Monday, February 6, 2012 / 4:10 PM
Have they considered a repeating loop of bicycle-themed songs on the PA at the Grove’s bicycle-themed watering hole, HandleBar? They could cue up Queen’s “Bicycle Race,” the Red Hot Chili Peppers’ “Bicycle Song,” Mark Ronson’s “The Bike Song,” Pink Floyd’s “Bike,” that stirring classical music from the great bicycling-themed film Breaking Away, or Christopher Cross’ “Ride Like the Wind,” the ultimate Walkman song while riding a bike (as determined by a couple of nine year old kids. All these years later, we were not wrong…).
Or cue up "Raindrops Keep Fallin'.../On a Bicycle Built for Joy," and see who connects it to the iconic movie scene with Katherine Ross riding precariously atop Butch Cassidy's handlebars. Our HandleBar is getting creative as well...
Under the direction of Russian-American owner Tatyana Telnikova, the tavern is letting its roots show with a new themed menu of classic Russian delicacies and Russo-American fusion dishes.
Between pints of microbrewed beer, patrons can now enjoy pelmeni (meat-filled dumplings served in broth), stuffed blinchiki (Russian pancakes), and pirogi (stuffed pastries). Every culture has its own dish of stuffed dough pockets (empanadas, knishes, wontons, kolaches, samosas…), and HandleBar is betting the comfort food of Telnikova's youth will be a hit with the party crowd in the Grove.
“I came here [to the U.S.] when I was 16, and Russian culture is still a big part of me,” said Telnikova, 28. “I finally started feeling comfortable with the bar to the point that I can stand up and say, ‘I’m Tatyana, I’m the owner, I’m Russian, and this is what I’m doing!’”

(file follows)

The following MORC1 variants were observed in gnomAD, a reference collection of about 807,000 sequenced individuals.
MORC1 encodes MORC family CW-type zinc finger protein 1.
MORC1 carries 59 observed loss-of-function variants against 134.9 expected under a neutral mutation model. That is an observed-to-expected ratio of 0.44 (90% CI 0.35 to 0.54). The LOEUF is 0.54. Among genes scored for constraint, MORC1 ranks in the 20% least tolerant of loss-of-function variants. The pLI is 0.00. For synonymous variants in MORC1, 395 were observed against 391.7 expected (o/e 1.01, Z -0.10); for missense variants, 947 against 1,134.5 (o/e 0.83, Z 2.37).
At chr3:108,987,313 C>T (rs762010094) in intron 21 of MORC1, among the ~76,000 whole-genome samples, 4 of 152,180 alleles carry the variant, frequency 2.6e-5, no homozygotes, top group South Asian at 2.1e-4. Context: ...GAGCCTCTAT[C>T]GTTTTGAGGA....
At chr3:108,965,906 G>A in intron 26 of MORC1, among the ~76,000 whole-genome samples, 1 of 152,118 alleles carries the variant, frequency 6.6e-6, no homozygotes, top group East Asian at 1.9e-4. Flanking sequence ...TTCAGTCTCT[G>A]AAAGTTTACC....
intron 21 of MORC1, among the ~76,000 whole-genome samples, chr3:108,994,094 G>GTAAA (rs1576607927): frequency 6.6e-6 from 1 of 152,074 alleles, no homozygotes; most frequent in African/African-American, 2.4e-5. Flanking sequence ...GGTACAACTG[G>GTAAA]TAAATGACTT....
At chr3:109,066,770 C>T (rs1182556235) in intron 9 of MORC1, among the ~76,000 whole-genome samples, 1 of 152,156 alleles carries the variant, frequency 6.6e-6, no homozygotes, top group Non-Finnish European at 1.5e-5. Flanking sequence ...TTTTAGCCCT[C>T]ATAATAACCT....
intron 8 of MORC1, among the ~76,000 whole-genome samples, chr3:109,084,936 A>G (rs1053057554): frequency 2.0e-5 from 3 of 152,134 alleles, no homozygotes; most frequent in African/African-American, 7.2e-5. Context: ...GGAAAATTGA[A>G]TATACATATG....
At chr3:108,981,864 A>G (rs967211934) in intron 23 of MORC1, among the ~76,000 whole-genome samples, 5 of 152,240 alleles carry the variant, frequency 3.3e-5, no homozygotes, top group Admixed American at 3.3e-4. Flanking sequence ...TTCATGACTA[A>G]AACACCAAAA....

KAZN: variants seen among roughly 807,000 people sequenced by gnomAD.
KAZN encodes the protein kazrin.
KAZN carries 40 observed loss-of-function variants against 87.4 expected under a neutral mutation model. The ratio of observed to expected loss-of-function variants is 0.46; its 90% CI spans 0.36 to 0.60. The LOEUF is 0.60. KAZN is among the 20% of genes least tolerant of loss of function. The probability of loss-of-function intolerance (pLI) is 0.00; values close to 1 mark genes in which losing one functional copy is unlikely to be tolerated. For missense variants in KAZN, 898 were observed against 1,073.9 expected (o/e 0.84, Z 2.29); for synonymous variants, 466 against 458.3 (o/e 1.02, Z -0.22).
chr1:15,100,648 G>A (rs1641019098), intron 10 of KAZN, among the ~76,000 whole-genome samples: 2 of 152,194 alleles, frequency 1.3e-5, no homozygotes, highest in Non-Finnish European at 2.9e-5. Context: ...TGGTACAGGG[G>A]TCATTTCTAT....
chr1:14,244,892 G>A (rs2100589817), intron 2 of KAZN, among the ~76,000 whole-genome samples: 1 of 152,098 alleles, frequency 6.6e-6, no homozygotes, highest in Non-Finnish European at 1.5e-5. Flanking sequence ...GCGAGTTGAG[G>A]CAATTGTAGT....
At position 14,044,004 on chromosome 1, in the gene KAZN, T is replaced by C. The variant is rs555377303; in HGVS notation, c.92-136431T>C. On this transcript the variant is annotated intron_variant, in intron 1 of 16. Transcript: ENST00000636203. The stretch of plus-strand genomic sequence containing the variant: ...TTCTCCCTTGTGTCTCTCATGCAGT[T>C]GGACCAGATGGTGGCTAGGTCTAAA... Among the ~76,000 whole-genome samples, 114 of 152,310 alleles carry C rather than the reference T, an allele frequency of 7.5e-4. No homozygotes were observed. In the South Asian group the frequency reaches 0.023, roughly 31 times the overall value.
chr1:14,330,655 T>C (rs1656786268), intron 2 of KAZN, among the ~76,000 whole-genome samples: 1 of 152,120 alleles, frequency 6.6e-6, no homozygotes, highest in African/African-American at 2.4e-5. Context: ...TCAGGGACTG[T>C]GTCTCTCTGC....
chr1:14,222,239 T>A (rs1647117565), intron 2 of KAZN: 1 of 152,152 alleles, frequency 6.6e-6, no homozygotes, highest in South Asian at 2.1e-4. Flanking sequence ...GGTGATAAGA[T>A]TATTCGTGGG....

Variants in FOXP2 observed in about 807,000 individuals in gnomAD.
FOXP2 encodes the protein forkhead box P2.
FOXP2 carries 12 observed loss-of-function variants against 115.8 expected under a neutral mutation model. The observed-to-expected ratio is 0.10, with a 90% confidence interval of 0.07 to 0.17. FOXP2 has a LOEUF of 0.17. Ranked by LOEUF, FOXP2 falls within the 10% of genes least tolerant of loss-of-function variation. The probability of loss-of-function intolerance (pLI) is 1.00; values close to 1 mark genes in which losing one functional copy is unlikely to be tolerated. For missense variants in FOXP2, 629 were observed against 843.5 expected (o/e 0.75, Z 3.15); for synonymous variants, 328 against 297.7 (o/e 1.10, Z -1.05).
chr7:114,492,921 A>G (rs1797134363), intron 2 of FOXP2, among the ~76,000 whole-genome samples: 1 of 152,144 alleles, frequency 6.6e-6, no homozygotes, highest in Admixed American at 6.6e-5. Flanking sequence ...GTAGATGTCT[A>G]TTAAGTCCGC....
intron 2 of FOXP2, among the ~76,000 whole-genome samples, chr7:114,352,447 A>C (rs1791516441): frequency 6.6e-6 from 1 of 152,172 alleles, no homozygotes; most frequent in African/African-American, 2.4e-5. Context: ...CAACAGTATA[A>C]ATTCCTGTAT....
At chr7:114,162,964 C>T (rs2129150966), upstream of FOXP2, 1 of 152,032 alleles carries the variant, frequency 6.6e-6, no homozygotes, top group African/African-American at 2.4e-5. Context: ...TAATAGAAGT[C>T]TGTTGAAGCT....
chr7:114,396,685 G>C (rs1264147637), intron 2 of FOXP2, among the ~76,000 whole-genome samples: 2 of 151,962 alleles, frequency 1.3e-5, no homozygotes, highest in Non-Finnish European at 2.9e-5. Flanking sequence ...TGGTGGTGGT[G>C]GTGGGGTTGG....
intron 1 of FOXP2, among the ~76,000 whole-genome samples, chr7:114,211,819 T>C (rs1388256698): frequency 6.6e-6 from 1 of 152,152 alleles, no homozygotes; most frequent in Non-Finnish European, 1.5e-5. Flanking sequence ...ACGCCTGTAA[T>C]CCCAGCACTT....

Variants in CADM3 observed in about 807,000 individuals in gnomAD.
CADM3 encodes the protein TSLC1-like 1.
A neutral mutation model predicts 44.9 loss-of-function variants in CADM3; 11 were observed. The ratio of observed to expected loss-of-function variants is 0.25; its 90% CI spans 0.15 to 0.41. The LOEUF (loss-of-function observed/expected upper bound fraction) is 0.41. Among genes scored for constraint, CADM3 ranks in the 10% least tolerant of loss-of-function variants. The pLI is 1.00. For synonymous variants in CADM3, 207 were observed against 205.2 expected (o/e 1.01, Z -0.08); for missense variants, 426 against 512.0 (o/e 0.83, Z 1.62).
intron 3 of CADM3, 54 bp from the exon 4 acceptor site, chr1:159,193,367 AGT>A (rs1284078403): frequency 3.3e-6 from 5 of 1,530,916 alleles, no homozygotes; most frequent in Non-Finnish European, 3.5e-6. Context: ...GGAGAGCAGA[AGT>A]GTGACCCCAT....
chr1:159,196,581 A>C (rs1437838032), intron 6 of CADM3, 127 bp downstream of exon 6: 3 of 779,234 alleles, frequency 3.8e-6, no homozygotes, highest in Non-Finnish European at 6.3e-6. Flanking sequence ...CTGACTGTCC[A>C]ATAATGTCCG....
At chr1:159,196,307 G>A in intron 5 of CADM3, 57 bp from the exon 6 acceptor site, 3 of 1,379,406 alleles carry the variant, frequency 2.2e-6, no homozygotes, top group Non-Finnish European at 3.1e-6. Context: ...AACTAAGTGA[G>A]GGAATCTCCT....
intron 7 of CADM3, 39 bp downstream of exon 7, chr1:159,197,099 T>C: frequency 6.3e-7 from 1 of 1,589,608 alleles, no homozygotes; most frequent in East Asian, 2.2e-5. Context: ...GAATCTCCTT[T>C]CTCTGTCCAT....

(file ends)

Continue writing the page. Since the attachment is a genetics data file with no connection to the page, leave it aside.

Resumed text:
But with a few twists. She and HandleBar Kitchen Manager Trevor “Flynt” McCoy created the “Frank Blinchiki” (below left), all-beef franks nestled in a Chicago-style “salad” of veggies wrapped in a Russian pancake made with locally brewed beer. (We would have called it “From Russia with Heartburn.”) “We use the locally made beer we have on draft for this blinchiki,” explained Telnikova. “We have used Urban Chestnut, Perennial, and others.”
Other blinchiki are stuffed with various combos of rice, beef, veggies, and cheese. The pelmeni (above right) are described on the menu as “Russian-style meat dumplings in our delicious house made stock, topped with seasonal greens and served with baked bread and a side of sour cream and Sambal spice.” A recent special featured the pirogi stuffed with cabbage, mushrooms, onions, and egg.
“A lot of people I’ve spoken to have no idea what Russian food is,” she said. “I’m excited to educate people, and after 12 years here, I know these [dough pockets] are all foods that Americans seem to like.” She trusts that they also will enjoy the additional changes she has planned: more new menu items, Russian-cuisine specials, beer dinners, a Sunday liquor license in March, and lunch service hopefully beginning in the summer.
In the meantime, HandleBar will continue to embody its owner’s expansive, welcoming, Russian spirit, exemplified by the freebies she likes to dole out to bicyclists. If you enter the bar with your bike helmet (proof you arrived by people power), Telnikova will gift you with a small item, often “a shot of liquor to warm you up,” she said.
Tue-Sat: 4 p.m.- 3 a.m.
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